The End of the World is Here

This is what it looks like at the end of the world.

This is what the end of the world looks like (...the wine-dark sea, behind the guy in the wine red shirt...)

This is what the end of the world looks like (…the wine-dark sea, behind the guy in the wine red shirt…)

If you sail past the horizon — right out there — you’ll fall off the edge of the Earth.

At least, that’s what the early navigators thought. But the bravest among them proved the theory wrong.

Cabo de Sao Vicente is Europe’s most southwestern point. And it was the last place these Portuguese explorers would see when they set out to discover unknown peoples and unexpected continents.

The Cape was already an important place as far back as Neolithic times. Standing stones have been found here. And the ancient Greeks dedicated a temple to Heracles on the site. The Romans believed it marked the edge of the world too — it was here that the sun sank hissing into the ocean at the end of each day.

Today it is marked by one of Europe’s most powerful lighthouses. Its beacon is visible as far as 60km away.

The lighthouse is one of Europe’s most powerful, visible 60km away...

The lighthouse is one of Europe’s most powerful, visible 60km away…

That's the universal sign for "edge of the world"...

That’s the universal sign for “edge of the world”…

Just across a craggy wave-bashed bay from the end-of-world lighthouse is the Fortaleza de Sagres.

The fort and its promontory offer outstanding views of the open sea, and of the towering cliffs and sea shaken coast. It’s a great place to walk, and watch storm clouds roll in, slashing the waves with curtains of rain.

Replica of a padrao — the markers that Portuguese explorers used to claim territory for their king.

Replica of a padrao — the markers that Portuguese explorers used to claim territory for their king.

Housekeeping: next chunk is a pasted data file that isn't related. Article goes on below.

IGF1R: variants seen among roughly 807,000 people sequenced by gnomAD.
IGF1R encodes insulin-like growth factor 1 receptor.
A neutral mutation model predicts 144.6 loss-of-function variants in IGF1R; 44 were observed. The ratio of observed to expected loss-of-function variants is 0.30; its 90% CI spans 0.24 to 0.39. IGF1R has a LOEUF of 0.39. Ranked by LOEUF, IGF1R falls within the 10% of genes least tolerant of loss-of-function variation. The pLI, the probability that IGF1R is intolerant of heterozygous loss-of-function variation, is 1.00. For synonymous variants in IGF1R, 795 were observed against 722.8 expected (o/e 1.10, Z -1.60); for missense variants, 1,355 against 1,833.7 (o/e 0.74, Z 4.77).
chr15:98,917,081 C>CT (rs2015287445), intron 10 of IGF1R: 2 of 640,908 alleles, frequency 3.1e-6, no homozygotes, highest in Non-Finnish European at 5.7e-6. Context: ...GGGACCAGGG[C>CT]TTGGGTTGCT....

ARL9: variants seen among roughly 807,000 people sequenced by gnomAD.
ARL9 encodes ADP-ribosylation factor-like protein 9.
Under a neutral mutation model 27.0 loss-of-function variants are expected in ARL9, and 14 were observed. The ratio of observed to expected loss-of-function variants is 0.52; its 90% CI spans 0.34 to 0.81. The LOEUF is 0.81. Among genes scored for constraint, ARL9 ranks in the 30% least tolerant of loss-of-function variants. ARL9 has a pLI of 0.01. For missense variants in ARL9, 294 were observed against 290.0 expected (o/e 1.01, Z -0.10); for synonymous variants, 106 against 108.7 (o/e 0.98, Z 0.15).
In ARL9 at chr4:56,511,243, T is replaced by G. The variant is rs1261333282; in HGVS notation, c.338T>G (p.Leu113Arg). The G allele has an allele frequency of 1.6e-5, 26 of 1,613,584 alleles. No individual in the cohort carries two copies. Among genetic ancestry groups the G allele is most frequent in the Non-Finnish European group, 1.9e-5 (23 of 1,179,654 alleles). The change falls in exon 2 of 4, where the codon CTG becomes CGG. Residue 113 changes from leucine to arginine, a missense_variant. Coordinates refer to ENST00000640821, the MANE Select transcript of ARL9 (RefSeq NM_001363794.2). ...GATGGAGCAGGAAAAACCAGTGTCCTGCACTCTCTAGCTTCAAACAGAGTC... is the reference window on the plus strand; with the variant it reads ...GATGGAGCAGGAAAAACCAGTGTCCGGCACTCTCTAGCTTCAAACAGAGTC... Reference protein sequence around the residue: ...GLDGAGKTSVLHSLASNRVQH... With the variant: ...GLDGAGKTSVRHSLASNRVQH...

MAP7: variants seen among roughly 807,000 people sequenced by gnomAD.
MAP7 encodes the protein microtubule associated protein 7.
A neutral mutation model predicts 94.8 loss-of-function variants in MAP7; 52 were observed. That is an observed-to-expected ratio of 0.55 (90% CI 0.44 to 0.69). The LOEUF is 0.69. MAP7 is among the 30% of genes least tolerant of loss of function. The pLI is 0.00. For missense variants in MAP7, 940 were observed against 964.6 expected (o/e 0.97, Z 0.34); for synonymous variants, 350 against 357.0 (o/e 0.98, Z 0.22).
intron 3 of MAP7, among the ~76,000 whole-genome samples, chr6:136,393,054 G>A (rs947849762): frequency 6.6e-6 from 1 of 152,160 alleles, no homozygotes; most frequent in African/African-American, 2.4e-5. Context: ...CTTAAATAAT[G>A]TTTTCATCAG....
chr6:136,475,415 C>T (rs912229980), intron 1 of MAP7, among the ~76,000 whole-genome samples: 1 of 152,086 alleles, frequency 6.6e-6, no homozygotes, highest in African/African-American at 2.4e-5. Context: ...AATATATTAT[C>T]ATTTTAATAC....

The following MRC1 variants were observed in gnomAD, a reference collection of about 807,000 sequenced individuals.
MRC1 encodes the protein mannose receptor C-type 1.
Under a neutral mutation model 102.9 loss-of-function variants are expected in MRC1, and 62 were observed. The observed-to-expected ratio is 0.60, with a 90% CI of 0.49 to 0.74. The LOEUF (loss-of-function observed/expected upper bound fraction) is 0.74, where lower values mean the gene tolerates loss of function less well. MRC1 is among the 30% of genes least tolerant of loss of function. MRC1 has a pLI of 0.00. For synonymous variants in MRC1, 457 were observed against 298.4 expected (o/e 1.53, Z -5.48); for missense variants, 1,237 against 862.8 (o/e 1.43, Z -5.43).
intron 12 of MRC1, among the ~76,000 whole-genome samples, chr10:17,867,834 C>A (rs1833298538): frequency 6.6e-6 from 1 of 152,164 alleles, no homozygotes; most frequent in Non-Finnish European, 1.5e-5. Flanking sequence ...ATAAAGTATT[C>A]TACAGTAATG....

The restored church of Nossa Senhora da Graça inside the fort dates from 1579.

The restored church of Nossa Senhora da Graça inside the fort dates from 1579.

Legend has it that Prince Henry the Navigator had a famous school of navigation here, but if so, nothing survives of such a site. He’s known to have used Lagos as the base from which his expeditions set sail, which is further east along the Algarve coast. Although he did apparently spend more time in the Sagres area in his later years, and he died there on November 13, 1460.

Is it an enormous mariner's wind compass? A sun dial? No one seems to be entirely sure...

Is it an enormous mariner’s wind compass? A sun dial? No one seems to be entirely sure…

If you go there, stand on those cliffs and look out to sea. Imagine the Romans looking out at that same view, from that very same place. And then imagine those brave explorers who risked all to sail across that sea, never imaging the New World that awaited them on the other side.

The fort is great place to watch storm clouds roll in off the open Atlantic...

The fort is great place to watch storm clouds roll in off the open Atlantic…

Is it madness or bravery that sparks such a leap into the unknown?

What would happen if you stood on your own inner promontory, and risked a great leap into the unknown in all areas of your own life…?

The windswept coast between fort and land's end attracts surfers and cliff fishermen...

The windswept coast between fort and land’s end attracts surfers and cliff fishermen…

 

Can you imagine the new worlds you would discover?

 

 

 

Photos ©Tomoko Goto 2014

 

 

 

 

 

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Comments

  1. Hello Ryan, First, I want to go there! Second, what a great description! Yes, people don’t always seem to be aware that the Portuguese were major explores and lords of the oceans – who even thinks about Portugal these days, eh?
    In Baja currently – which is not so bad (!). If email holds up will write you
    when we get back from town today. Or manana. Whatever.

    • Ryan Murdock says

      Jeanne! Great to hear from you. I was just thinking of you last night, wondering if you were in Baja. Yeah, Portugal feels like a bit of a backwater these days, out there on the fringes of Europe. I loved it there, looking forward to going back. That history of exploration and navigation really speaks to me.

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